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petitioned for permission to speak, he, in the same convention, copiously (prolixe) explained what was the genuine opinion of Arminius concerning the grace of God and the free-will of man, the justification of man before God, the perfection of man in this life, predestination, the origin of sin, and the perseverance of the saints; and what just causes of suspicion, he (Arminius) had given, that he did not think aright, concerning the Holy Scripture, the sacred Trinity, the providence of God, the satisfaction of Jesus Christ, the church, faith, good works, and the other heads of doctrine. By what arts also he disseminated his own opinions; namely, that when publicly asked and solemnly enjoined, he hath hitherto concealed his opinion from the churches; but had diligently inculcated it privately on the pastors, whom he hoped he should be able to draw over into it, and on his own pupils, (or scholars ;) that he enervated the principal arguments of our party, (nostrorum,) with which the orthodox doctrine used to be fortified; but confirmed those of the Jesuits, and of the other adversaries, with which they are accustomed to fight against the doctrine of the reformed churches; that he suggested various doubts concerning the truth of the received doctrine, into the minds of the pupils; and (taught them) to hold the same at first, as in an equilibrium with the heterodox doctrine, and at length altogether to reject it; that hitherto he had not been willing to publish any declaration of sincerity and consent in doctrine, though very often lovingly, and in a brotherly manner, asked by the churches to do it; that he had earnestly labored by all means, that he might not lay open to the churches his errors, which had been detected before the supreme court; and that he had aimed at this one thing, by delaying the time, to have the opportunity of drawing over the more persons into his own opinion, and of every where occupying the churches; that, having despised the decisions and decrees of Synods, classes, and presbyteries, he had in the first instance burst forth (prosiliisse) to the tribunal of the Supreme Magistrate, and had there proposed his complaints and accusations against the doctrine of the churches; and by the arts of a courtier (aulicus) had industriously studied to conciliate favor to himself, but to bring hatred on the churches. Wherefore he (Gomarus) earnestly entreated the States, (seeing that the students of sacred theology in the University of Leyden, and every where the pastors, daily more and more revolted from the orthodox doctrine, discords and contentions spread abroad, the churches were disturbed,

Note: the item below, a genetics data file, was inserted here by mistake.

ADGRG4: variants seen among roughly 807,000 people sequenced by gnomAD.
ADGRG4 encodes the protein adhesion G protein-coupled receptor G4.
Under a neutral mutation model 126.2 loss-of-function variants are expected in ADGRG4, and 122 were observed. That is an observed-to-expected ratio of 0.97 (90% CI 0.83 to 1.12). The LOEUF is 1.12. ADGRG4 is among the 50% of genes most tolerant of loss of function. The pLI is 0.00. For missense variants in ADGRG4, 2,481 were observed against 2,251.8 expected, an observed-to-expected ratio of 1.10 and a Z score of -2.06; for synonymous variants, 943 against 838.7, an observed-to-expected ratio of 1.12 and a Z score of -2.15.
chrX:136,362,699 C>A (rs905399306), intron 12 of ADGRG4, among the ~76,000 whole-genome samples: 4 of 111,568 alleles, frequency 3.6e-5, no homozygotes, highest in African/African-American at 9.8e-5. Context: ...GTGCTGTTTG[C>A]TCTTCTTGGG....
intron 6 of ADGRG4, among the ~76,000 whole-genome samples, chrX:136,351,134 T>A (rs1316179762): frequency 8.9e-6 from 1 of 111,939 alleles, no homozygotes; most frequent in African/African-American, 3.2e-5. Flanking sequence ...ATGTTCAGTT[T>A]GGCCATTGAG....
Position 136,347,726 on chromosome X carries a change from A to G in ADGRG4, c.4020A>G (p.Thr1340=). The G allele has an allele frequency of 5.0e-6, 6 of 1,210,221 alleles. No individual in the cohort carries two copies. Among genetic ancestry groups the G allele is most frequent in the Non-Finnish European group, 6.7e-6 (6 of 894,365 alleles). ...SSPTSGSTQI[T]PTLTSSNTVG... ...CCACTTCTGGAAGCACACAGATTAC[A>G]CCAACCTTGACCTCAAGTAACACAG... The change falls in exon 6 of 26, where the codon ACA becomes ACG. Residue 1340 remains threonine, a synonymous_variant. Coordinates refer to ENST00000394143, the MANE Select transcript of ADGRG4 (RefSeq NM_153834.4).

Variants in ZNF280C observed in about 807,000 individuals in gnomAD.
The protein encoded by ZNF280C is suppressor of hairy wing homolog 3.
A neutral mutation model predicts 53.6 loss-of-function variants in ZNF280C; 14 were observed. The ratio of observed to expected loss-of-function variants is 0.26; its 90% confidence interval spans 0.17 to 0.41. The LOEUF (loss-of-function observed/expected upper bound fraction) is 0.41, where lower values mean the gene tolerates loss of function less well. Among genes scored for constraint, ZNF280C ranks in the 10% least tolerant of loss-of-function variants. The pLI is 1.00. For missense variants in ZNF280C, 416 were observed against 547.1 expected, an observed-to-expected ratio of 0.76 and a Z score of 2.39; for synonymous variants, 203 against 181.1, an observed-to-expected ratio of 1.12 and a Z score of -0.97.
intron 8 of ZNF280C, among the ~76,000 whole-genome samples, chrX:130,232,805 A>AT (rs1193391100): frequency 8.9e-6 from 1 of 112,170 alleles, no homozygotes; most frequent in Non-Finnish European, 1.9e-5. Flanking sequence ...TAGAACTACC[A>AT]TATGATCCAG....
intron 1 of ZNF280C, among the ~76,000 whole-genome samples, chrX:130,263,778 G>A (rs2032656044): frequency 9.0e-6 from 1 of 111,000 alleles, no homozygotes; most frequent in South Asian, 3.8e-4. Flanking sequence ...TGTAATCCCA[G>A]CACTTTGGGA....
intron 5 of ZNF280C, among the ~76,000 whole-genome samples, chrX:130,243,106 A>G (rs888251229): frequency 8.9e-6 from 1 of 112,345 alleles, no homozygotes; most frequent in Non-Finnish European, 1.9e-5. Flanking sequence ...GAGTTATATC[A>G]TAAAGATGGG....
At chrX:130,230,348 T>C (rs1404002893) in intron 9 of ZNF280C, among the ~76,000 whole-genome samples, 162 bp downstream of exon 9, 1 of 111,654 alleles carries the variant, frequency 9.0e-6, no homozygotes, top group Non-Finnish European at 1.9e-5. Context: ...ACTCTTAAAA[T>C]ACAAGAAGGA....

and the citizens were drawn into parties,) that the promised national Synod might as early as possible be called; in which, the causes of these evils having been legally examined, a suitable remedy might at length be applied. The deputies of the churches also soon after petitioned for the same; but by the endeavors of Utenbogardus and others it was effected, that this calling of the Synod should always be deferred.
April 4, 1609.] They (the deputies of the churches) likewise several times admonished Arminius to send to them the considerations contained in the writing which he had promised; who at length answered by letter, that he did not deny that this had been promised by him, but, because he had understood that the Illustrious the States had ordered the pastors to send their considerations sealed up unto them, he had changed his mind, (consilium,) and that he would wait till the same also should be enjoined on him. Peter Bertius, the regent of the theological college, being admonished by the same deputies, that if he had any thing against the received doctrine of the churches, he would freely explain it, declared his own opinion concerning most of the heads of doctrine openly without any evasion; and shewed that, in the articles of the justification of man before God, of predestination, of the grace of God, of free-will, and finally, of the perseverance of true believers, (vere fidelium,) he thought differently from the doctrine of the Belgic churches.* This rendered the churches more and more anxious; seeing they understood that not only Arminius in the University, but Bertius also, in the seminary of the churches of Holland, set before the youth entrusted to his fidelity, and destined to the ministry of the churches, heterodox doctrine: and, having drawn them aside from the sincerity (or purity) of the doctrine, instilled into them (imbuere) new opinions. The churches saw these things, and grieved; yet they were not able to apply the lawful remedy to these evils, though it was that which they chiefly